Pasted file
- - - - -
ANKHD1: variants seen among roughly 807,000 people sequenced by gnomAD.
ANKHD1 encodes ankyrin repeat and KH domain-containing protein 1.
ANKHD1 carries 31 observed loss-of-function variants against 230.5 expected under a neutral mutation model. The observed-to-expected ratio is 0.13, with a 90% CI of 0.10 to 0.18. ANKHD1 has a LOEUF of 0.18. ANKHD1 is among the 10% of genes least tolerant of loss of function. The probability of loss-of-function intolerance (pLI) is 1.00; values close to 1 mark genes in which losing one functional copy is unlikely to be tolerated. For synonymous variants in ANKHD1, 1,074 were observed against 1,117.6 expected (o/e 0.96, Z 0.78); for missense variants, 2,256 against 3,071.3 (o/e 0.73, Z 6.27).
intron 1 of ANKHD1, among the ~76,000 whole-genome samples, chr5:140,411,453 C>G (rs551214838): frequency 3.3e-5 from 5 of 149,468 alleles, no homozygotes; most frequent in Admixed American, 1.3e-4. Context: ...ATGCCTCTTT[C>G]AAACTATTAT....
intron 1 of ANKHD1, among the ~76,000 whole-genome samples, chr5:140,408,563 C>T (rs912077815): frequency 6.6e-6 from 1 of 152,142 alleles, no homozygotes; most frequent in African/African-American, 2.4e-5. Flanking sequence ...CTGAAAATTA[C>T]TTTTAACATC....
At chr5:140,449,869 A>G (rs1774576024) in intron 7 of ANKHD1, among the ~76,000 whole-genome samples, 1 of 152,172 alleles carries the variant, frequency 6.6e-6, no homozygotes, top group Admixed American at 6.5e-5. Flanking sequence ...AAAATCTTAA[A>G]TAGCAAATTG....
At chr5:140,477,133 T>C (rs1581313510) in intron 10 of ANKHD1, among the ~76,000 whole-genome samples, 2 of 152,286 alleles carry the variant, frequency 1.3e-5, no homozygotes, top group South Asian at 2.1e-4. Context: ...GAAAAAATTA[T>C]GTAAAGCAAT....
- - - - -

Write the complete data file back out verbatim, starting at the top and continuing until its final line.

ANKHD1: variants seen among roughly 807,000 people sequenced by gnomAD.
ANKHD1 encodes ankyrin repeat and KH domain-containing protein 1.
ANKHD1 carries 31 observed loss-of-function variants against 230.5 expected under a neutral mutation model. The observed-to-expected ratio is 0.13, with a 90% CI of 0.10 to 0.18. ANKHD1 has a LOEUF of 0.18. ANKHD1 is among the 10% of genes least tolerant of loss of function. The probability of loss-of-function intolerance (pLI) is 1.00; values close to 1 mark genes in which losing one functional copy is unlikely to be tolerated. For synonymous variants in ANKHD1, 1,074 were observed against 1,117.6 expected (o/e 0.96, Z 0.78); for missense variants, 2,256 against 3,071.3 (o/e 0.73, Z 6.27).
intron 1 of ANKHD1, among the ~76,000 whole-genome samples, chr5:140,411,453 C>G (rs551214838): frequency 3.3e-5 from 5 of 149,468 alleles, no homozygotes; most frequent in Admixed American, 1.3e-4. Context: ...ATGCCTCTTT[C>G]AAACTATTAT....
intron 1 of ANKHD1, among the ~76,000 whole-genome samples, chr5:140,408,563 C>T (rs912077815): frequency 6.6e-6 from 1 of 152,142 alleles, no homozygotes; most frequent in African/African-American, 2.4e-5. Flanking sequence ...CTGAAAATTA[C>T]TTTTAACATC....
At chr5:140,449,869 A>G (rs1774576024) in intron 7 of ANKHD1, among the ~76,000 whole-genome samples, 1 of 152,172 alleles carries the variant, frequency 6.6e-6, no homozygotes, top group Admixed American at 6.5e-5. Flanking sequence ...AAAATCTTAA[A>G]TAGCAAATTG....
At chr5:140,477,133 T>C (rs1581313510) in intron 10 of ANKHD1, among the ~76,000 whole-genome samples, 2 of 152,286 alleles carry the variant, frequency 1.3e-5, no homozygotes, top group South Asian at 2.1e-4. Context: ...GAAAAAATTA[T>C]GTAAAGCAAT....